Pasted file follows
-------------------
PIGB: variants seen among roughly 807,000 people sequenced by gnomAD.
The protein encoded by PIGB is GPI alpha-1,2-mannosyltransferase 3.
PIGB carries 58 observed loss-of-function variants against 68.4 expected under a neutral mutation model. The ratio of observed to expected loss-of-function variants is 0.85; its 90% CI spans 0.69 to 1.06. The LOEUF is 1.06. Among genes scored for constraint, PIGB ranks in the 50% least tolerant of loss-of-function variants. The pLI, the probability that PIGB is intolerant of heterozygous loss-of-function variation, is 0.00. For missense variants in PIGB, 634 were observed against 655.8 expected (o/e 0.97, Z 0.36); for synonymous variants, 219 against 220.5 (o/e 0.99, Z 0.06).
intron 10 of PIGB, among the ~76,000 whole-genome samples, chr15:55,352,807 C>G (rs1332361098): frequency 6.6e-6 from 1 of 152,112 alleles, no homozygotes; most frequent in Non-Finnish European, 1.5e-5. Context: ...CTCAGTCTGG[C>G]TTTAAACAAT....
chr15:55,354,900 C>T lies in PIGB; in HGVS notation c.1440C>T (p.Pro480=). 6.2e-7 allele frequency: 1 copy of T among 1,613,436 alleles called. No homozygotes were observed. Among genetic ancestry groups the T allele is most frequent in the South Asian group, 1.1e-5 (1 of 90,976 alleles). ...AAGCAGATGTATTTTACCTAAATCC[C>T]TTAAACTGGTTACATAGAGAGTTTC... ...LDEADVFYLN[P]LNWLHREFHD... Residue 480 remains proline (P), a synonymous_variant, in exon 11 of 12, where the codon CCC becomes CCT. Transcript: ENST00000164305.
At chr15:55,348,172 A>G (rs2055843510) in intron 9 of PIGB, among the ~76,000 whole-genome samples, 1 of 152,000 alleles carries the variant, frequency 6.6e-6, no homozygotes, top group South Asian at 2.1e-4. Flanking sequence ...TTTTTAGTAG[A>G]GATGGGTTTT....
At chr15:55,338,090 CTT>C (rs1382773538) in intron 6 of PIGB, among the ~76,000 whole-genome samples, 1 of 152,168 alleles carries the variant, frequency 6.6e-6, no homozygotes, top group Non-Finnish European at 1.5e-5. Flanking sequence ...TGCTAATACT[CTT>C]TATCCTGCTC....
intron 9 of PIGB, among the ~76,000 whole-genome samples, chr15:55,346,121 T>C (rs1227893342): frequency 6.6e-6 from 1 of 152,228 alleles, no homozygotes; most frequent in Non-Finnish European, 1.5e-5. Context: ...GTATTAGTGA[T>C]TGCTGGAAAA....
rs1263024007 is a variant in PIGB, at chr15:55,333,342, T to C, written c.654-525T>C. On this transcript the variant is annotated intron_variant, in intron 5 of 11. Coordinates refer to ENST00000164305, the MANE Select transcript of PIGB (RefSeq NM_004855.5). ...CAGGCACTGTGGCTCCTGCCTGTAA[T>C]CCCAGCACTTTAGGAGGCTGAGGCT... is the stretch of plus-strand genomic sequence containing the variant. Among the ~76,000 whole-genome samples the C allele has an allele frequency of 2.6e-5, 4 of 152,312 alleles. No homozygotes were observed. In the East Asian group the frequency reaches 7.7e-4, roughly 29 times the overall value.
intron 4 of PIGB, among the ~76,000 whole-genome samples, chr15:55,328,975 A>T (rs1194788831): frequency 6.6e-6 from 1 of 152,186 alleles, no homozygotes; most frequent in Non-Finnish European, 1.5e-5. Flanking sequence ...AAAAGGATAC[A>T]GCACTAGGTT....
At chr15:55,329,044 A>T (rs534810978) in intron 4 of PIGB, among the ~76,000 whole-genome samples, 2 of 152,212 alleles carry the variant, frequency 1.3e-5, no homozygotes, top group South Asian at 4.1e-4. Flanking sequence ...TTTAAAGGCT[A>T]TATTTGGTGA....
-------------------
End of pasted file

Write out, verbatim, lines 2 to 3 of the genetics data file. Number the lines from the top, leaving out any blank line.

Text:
The protein encoded by PIGB is GPI alpha-1,2-mannosyltransferase 3.
PIGB carries 58 observed loss-of-function variants against 68.4 expected under a neutral mutation model. The ratio of observed to expected loss-of-function variants is 0.85; its 90% CI spans 0.69 to 1.06. The LOEUF is 1.06. Among genes scored for constraint, PIGB ranks in the 50% least tolerant of loss-of-function variants. The pLI, the probability that PIGB is intolerant of heterozygous loss-of-function variation, is 0.00. For missense variants in PIGB, 634 were observed against 655.8 expected (o/e 0.97, Z 0.36); for synonymous variants, 219 against 220.5 (o/e 0.99, Z 0.06).